This article contains She-Hulk finale spoilers
The green gloves were off in the She-Hulk finale, and after nine episodes of toxic masculinity, twerking with Megan Thee Stallion, and a lot of waiting for Charlie Cox’s Daredevil to arrive, it all culminated in this. October 13’s “Whose Show Is This?” delivered some of the wildest scenes to grace the MCU, but when we weren’t busy breaking the already broken fourth wall, we were canonizing forgotten Hulks.
It’s easy to forget that there have been a lot of actors who’ve played the mean, green, fighting machine. In the Marvel Cinematic Universe alone, there’s been Mark Ruffalo’s Bruce Banner/Incredible Hulk, who replaced Edward Norton’s brief stint from 2008’s The Incredible Hulk movie. Eric Bana starred in 2003’s Hulk before the MCU, but going back even further, we had the legends of Bill Bixby and Lou Ferrigno – who became synonymous with the Hulk name between 1978 and 1990.
How all of this connects to the She-Hulk is through the finale’s opening. Although it all ended up being a dream while Jennifer Walters (Tatiana Maslany) was locked up in the DODC prison, the sequence riffed on 1978’s The Incredible Hulk TV series. For those who don’t know, the CBS show starred Bixby as Dr. David Banner (more on him later) and Ferrigno as his Hulk alter ego. This was before the days Disney was throwing money at VFX, meaning it wasn’t as simple as sticking Maslany in a mo-cap suit to save on hiring two actors.
The She-Hulk opening retraces the events of the season so far, such as Jen dealing with trolls online, her disastrous date with Todd, and even a nod to the origin of her powers when she flips a car down a hill. It’ll be interesting to know whether Maslany wearing a muscle suit and green face paint is also a middle finger to those who’ve continued to call out She-Hulk’s CGI. As a coup de grâce, there’s a shot of Jen and Bruce (Ruffalo) reenacting the pose Bixby’s Banner and Jack Colvin’s Jack McGee pulled, as well as the classic “Don’t make me angry” line from The Incredible Hulk titles.
Instead of giving us the usual She-Hulk titles, the show refers to itself as the comic book-accurate The Savage She-Hulk. In reality, the events of Jen breaking out into the “real world” to confront the writers actually took place in The Sensational She-Hulk #12 from 1989. There’s actually a nod to this in She-Hulk’s credits, as artwork of K.E.V.I.N. shows the AI reading a copy of The Savage She-Hulk. If Jen knows about The Incredible Hulk, it suggests it exists in this world. It’s similar to how Spider-Man: Homecoming’s Lego Death Star canonized Star Wars or Titania (Jameela Jamil) calling Jen “Shrek” earlier in the season. James Mangold’s Logan did a great job of this when Hugh Jackman’s clawed Canadian said the comics were just the fictionalised events of what the X-Men actually got up to.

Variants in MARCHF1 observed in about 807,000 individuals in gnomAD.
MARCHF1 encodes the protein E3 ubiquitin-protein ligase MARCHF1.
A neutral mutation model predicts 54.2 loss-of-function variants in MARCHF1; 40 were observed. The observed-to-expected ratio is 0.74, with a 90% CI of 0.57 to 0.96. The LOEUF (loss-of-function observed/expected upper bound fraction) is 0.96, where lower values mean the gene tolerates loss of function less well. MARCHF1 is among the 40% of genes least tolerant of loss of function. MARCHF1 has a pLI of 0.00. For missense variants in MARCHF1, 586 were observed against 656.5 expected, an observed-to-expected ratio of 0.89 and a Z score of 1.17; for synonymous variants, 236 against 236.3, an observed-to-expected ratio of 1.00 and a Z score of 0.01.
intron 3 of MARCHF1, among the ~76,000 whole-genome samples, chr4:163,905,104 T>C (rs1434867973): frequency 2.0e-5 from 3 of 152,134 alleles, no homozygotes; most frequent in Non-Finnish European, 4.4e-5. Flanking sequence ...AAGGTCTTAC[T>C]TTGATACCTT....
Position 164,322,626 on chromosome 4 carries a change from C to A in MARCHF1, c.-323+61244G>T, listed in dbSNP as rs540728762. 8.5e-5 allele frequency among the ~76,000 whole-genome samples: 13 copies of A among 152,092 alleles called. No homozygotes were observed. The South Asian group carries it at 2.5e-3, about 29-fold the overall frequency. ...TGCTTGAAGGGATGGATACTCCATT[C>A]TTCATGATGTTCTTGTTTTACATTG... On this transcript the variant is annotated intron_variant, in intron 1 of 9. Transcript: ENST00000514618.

While we’re not expecting Lou Ferrigno to suddenly pop up as some aged Hulk, let’s remember we probably never thought we’d get a movie that brought Holland, Garfield, and Maguire together. The Multiverse has also given us opportunities to redeem the Inhumans, bring back Patrick Stewart’s Charles Xavier, and make good on John Krasinski’s fan casting as Mister Fantastic, so never say never. Namely, fans loved Jen’s opening dream sequence so much, some are calling for a whole episode in the ‘70s style. WandaVision proved it can be done, and with the She-Hulk finale throwing everything out the window with that K.E.V.I.N. reveal, anything is possible.
We could at least see more nods to the birth of the Hulk on the small screen. Like how She-Hulk poked fun at its own toxic fandom that couldn’t wrap its head around a female hulk, season two should address the bizarre reason that Bixby’s Banner was called David Banner. Apparently, the network didn’t think a show based on the comics would sell well, so tried to distance itself from the source material. Even weirder though, network bosses reportedly through Bruce was too much of a “gay” name, so instead, called him David Banner.
Considering Bixby and Ferrigno played the characters for 80 episodes and five TV movies, it seems only right that She-Hulk honored their legacy. She-Hulk already made a jibe about Norton being recast with Ruffalo when Bruce spoke about his fight with Abomination being “so long ago” and Bruce being “a completely different person now,” so long live the Hulk throwbacks. Whether She-Hulk’s homage to The Incredible Hulk was just to lean into the wackiness of the finale or something more, we’ve got to admit that the opening sequence was a (Hulk) smash hit with fans.